America’s symbols of nationhood are taking a hammering

by Joanne Black / 30 September, 2017
RelatedArticlesModule - Trump

Members of the Indianapolis Colts take a knee. Photo/Getty Images

Colin Kaepernick may have started it, but it was Donald Trump who brought almost whole teams to their knees.

No sooner had the US media finished dissecting the etymology and correct usage of “dotard” than “taking the knee” arrived in the lexicon. Most people with any interest in America are familiar with “taking the Fifth” – invoking the Fifth Amendment to the US Constitution, which says individuals cannot be compelled to give evidence that might incriminate them. But as quickly as you can say “social media”, “taking the knee” has come to refer to people kneeling on one knee during the US national anthem.

The gesture is interpreted as a message to US President Donald Trump, and it is loosely translated as “up yours”. It has not always meant that. The most famous recent knee-taker was San Francisco 49ers quarterback Colin Kaepernick, who adopted the pose as a sign of solidarity during last year’s Black Lives Matter protests. He is now influential in the Black rights movement. He is now also unemployed, because after he refused to stand for the anthem, his contract was not renewed and no other football team has contracted him. Apparently, no team wanted to be associated with a public demonstration of personal integrity. A few other athletes have followed Kaepernick in “taking the knee” during the anthem, but it was Trump who brought almost whole teams to their knees last week after he suggested that any “son of a bitch” who did not stand for the anthem should be fired, and if they were not fired, people should boycott the football.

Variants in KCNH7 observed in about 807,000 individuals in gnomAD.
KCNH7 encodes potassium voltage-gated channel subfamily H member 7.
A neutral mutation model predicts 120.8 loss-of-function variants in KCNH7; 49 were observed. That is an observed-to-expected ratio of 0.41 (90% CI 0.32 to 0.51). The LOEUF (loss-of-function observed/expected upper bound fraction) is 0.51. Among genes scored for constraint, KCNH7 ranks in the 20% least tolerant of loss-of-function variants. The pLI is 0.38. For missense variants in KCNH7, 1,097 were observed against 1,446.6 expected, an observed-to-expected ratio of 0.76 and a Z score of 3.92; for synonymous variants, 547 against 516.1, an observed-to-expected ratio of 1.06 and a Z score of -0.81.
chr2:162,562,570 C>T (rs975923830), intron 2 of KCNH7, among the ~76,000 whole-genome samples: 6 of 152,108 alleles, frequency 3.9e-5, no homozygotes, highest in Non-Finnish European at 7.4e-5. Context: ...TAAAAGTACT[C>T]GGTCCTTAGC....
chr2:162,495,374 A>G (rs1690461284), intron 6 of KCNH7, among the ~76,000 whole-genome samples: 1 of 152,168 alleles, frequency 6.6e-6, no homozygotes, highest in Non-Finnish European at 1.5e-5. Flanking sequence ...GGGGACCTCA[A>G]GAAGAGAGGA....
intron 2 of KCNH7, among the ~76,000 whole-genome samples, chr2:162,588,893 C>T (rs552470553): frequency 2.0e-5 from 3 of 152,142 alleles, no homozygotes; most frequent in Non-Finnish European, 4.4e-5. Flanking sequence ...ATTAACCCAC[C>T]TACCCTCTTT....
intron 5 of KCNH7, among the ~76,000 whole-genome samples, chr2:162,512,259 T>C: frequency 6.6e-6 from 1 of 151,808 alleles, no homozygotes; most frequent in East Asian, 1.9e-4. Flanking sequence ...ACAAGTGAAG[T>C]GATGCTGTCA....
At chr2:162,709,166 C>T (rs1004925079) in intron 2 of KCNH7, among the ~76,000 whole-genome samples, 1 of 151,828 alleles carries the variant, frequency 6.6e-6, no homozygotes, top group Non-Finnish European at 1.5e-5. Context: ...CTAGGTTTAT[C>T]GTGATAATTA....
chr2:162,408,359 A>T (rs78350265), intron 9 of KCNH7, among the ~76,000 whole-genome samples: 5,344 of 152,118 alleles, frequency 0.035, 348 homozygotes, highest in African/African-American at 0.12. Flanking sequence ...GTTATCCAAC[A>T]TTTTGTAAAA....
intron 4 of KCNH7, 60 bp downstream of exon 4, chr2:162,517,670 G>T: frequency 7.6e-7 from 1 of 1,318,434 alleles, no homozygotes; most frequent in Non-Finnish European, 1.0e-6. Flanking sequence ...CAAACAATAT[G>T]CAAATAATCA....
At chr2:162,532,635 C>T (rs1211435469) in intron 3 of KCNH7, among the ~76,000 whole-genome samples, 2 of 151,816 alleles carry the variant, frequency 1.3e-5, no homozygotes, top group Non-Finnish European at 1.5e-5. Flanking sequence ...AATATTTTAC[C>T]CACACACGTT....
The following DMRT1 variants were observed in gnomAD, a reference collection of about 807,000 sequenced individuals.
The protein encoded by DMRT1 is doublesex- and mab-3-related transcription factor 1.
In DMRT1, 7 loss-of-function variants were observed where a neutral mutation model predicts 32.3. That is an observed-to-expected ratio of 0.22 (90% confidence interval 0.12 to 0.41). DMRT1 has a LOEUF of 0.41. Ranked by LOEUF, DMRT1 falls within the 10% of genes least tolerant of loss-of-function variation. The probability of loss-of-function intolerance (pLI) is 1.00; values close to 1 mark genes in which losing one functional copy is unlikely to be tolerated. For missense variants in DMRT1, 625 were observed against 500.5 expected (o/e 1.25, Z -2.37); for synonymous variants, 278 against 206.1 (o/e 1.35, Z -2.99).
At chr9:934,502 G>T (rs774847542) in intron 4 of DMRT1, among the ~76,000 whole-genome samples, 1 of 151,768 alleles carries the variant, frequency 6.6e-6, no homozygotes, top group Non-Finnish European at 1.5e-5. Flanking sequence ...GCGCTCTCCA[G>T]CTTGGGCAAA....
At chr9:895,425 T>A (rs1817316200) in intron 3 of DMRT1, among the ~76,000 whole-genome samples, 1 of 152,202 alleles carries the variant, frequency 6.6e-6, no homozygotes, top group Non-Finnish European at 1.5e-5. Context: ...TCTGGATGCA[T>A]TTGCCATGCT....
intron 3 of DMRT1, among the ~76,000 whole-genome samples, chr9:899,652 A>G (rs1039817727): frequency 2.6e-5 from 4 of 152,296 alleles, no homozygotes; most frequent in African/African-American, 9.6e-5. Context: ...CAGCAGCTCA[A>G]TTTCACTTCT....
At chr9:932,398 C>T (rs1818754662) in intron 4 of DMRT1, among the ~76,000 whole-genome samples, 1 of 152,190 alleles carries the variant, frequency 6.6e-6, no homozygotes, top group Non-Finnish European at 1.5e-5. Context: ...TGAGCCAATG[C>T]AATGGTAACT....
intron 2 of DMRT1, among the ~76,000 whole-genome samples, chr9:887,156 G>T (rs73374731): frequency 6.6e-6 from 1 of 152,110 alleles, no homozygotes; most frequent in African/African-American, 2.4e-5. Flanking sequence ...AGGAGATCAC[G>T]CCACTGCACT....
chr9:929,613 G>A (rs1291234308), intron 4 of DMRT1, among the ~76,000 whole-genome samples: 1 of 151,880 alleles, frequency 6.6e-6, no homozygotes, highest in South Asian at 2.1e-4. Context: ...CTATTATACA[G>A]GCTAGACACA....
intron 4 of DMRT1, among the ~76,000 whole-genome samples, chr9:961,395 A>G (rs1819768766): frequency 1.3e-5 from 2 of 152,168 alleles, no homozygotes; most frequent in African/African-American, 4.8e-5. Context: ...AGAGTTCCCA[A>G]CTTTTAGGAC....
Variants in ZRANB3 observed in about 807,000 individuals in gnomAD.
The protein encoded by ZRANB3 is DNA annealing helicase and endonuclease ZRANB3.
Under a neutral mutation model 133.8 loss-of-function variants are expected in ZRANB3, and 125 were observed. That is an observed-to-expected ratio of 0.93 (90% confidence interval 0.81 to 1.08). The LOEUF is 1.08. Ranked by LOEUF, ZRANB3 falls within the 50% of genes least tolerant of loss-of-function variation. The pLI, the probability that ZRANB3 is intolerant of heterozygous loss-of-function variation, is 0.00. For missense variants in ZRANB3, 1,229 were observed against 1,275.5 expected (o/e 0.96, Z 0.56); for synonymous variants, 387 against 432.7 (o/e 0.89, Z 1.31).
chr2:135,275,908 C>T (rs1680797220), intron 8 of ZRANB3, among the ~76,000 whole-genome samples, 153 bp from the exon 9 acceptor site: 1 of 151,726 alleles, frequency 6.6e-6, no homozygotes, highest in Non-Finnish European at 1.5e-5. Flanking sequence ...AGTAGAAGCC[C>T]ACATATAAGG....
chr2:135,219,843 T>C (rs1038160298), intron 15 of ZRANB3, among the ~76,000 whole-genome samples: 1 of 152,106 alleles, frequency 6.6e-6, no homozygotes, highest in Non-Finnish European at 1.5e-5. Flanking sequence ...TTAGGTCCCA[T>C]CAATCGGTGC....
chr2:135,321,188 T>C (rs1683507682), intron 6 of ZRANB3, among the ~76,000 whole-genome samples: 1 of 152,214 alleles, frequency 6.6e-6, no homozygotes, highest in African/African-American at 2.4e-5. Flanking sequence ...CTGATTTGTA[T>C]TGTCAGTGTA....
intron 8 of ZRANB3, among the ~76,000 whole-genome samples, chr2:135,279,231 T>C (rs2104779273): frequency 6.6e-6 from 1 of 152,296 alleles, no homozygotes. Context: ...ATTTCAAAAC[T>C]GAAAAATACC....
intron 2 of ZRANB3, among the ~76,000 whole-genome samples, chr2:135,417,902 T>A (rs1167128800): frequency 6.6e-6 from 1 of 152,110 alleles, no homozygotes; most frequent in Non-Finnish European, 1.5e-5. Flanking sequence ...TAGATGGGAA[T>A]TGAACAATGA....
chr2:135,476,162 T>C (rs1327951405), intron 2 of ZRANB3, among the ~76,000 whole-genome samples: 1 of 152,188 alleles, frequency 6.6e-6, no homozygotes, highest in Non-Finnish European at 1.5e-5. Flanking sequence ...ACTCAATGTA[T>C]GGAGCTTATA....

Trump seems able to create division over almost anything. If going to the football was once a respite from the noise and turmoil of US politics, it is no longer. Media coverage after last Sunday’s football round was not scores on the sports pages but front-page reports of the number of players in each team who knelt, stood arm-in-arm or simply stayed in the sheds for the anthem.

Thanks to Trump’s blundering machismo, the reverence that this country has traditionally shown for its symbols of nationhood – the flag, the anthem and, in particular, the Office of the President – is being increasingly undermined.

The sun rose over Washington DC as I sat in my lounge watching RNZ’s live online election coverage on my TV. The polls had closed at 3am on Saturday, DC time, so I did an all-nighter. I thought RNZ’s John Campbell, Jane Patterson, Mihingarangi Forbes and Guyon Espiner did a good job. It was a budget operation, with no whiz-bang graphics, but it was up-to-date, fair and informative, which is all anyone needs. I also kept an eye on the Electoral Commission’s website.

I used to work for Bill English when he was Minister of Finance, so I had a particular interest in this election. I was sorry to see Maori Party co-leader Te Ururoa Flavell not make it back. He was a good advocate for Maori, and Parliament will be poorer without him.

On the other hand, I wasn’t sorry to see the demise of former Greens co-leader Metiria Turei, whose personal and sneering style of debating I never liked. Mostly, I watched the speeches of New Zealand First’s Winston Peters, the Greens’ James Shaw, Labour’s Jacinda Ardern and English and thought – not for the first time – that New Zealand’s practical, civilised and moderate political landscape is one of its greatest treasures. I did not have to leave home to realise that, but it helps.

This Back to Black column was first published in the October 7, 2017 issue of the New Zealand Listener.

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